As many of you who would be interested in this post may know, many important things involving a forensic investigation can be found within the registry. One location that holds a ton of good information that would relate to how a user is utilizing their PC can be found within the NTUSER.DAT file. To gain access to the information found on the NTUSER.DAT file, we first need to acquire the file at either C:\Document and Settings\<USER NAME> (for Windows XP) or C:\Users\<USER NAME> (for Vista/Win7). Natively you will not see this file, so you’ll want a forensic program such as FTK Imager to acquire the file (using FTK Imager: right-click file and export the file to your desired location). Once the file has been acquired, you can run it through a program called RegRipper by simply adding the path to the NTUSER.DAT file you acquired, selecting an output, and selecting the proper NTUSER.DAT plugin. This will output a great text file with a wealth of knowledge an examiner can use in an investigation.
One great piece of information one can access with this analysis is the recent documents a logged in user can access. Using RegRipper on my Windows 7 machine I was able to come up with this information on files I’ve last accessed:
This is a great piece of information to have because it can implement a user to accessing a specific file.
Windows 7 adds some great new features; this post is going to focus on Jump Lists. What are jump lists? In Windows 7 you may have noticed those neat additions to your right-click menu, like recent history and in few instances application options. These are jump lists, application specific tasks that are added to a programs right click menu. I provide a few examples of these jump lists below:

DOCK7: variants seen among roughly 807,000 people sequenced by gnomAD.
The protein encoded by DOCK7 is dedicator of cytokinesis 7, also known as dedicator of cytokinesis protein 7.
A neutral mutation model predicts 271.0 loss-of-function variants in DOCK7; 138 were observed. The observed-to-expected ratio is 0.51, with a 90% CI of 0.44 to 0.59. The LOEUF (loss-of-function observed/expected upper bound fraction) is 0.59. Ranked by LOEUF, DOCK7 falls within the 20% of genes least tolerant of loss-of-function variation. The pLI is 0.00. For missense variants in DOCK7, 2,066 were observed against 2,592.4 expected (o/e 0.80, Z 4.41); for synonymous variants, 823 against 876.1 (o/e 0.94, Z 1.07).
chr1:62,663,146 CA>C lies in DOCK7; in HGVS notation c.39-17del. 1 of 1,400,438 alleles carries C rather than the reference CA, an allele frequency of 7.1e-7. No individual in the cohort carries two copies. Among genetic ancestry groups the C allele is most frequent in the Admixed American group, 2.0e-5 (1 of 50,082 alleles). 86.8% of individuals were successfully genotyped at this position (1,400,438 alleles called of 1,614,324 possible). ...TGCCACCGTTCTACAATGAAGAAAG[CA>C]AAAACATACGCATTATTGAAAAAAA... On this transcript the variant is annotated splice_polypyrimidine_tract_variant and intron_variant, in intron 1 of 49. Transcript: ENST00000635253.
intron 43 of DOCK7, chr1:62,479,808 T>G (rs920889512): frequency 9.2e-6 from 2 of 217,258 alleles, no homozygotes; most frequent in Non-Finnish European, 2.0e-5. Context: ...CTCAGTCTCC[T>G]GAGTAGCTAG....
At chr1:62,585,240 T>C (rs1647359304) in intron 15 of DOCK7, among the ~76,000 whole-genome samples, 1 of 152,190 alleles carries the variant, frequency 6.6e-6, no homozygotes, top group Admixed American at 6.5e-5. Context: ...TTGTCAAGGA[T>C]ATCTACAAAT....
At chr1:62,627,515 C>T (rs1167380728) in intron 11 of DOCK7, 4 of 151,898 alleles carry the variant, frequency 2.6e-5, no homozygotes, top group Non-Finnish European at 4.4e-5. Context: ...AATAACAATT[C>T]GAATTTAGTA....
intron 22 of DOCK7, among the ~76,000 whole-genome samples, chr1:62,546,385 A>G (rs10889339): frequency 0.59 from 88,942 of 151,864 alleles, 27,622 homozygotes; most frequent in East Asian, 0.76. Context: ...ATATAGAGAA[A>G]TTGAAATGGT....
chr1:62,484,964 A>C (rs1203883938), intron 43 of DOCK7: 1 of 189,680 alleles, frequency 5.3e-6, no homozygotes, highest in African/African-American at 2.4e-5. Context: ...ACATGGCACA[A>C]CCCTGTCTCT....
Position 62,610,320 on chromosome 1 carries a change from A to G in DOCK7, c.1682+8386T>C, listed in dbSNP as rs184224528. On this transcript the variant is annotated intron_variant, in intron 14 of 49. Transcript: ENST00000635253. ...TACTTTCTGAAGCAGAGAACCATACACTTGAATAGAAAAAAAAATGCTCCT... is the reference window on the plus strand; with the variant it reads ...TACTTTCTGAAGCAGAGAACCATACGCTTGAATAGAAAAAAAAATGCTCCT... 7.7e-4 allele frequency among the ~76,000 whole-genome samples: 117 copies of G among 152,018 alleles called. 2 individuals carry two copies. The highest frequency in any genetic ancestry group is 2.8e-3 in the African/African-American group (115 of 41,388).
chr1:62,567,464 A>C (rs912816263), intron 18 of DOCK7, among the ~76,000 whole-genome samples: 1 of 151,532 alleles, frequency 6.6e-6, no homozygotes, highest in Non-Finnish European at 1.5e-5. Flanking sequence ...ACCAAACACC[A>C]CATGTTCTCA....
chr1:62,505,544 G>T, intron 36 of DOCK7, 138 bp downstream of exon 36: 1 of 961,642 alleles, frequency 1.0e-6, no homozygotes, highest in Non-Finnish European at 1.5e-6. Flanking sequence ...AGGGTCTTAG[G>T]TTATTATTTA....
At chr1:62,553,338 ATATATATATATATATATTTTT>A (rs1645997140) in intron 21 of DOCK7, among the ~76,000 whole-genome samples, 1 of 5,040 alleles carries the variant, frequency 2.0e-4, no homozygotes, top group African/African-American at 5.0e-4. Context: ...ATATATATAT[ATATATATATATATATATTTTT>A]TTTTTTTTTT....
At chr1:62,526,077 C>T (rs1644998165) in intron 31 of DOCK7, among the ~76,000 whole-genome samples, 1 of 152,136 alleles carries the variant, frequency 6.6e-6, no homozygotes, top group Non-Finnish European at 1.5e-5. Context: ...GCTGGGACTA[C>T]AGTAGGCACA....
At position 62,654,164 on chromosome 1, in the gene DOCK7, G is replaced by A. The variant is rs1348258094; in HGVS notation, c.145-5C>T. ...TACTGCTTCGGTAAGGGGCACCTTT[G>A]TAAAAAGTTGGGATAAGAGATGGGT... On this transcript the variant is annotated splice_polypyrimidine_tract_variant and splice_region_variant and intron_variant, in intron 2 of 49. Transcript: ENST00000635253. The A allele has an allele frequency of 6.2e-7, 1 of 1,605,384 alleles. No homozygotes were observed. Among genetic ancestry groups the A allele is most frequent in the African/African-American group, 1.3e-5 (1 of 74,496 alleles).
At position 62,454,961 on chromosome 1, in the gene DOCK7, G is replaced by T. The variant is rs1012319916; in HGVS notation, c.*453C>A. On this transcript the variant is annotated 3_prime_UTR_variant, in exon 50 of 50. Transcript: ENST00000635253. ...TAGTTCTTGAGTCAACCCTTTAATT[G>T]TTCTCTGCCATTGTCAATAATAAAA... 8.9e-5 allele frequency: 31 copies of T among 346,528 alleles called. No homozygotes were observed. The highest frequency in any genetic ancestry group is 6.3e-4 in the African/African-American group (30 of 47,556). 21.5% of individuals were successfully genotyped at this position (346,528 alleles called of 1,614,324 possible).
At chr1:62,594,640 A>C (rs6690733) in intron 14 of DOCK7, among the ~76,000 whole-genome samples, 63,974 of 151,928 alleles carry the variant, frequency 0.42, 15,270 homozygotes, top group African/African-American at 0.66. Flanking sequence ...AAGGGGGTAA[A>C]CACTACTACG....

Now you’ll notice that the Google Chrome jump list offers more options than that for Explorer. It is important to note, that only some applications will take use of this feature. Jump lists are great for accessing your recent/frequently used objects for several applications quickly. It’s possible that one would assume that this information is pulled from the NTUSER.DAT file which contains recent document information. This is not the case, examination of the PC will reveal that the jump list information at C:\Users\<USER NAME>\AppData\Roaming\Microsoft\Windows\Recent Items :
This redundancy provides examiners with something quite vital. For instance, if a system has CCleaner installed on it, CCleaner is set to delete Recent Document upon default. So, a quick run of CCleaner and all of this information is wiped (including the secondary location at C:\Users\<USER NAME>\AppData\Roaming\Microsoft\Windows\Recent Items); something quite possible in a case where malicious content is being stored on PC.. However, with the secondary location on the PC can provide an examiner with something recoverable, a link (LNK) file. Upon examination of the path some LNK files are going to be recoverable within the Recent Items folder. This may be able to cause an association to a User to a particular file.
Recent Document information can also be found at: C:\Users<USERNAME>\AppData\Roaming\Microsoft\Windows\Recent\AutomaticDestinations
Examining this location with FTK Imager we can see something like this:
As seen above, examining these files at the hex level we will see the location of a file I recently opened. In my case we see I recently opened an NTUSER registry rip from RegRipper.
This is great bit of information to retain. Again, this can help show a user was accessing certain files.
For more information on Windows 7 Forensics take a look at this paper on the topic by Piotrek Smulikowski. You'll find more info on Jump Lists at page 23.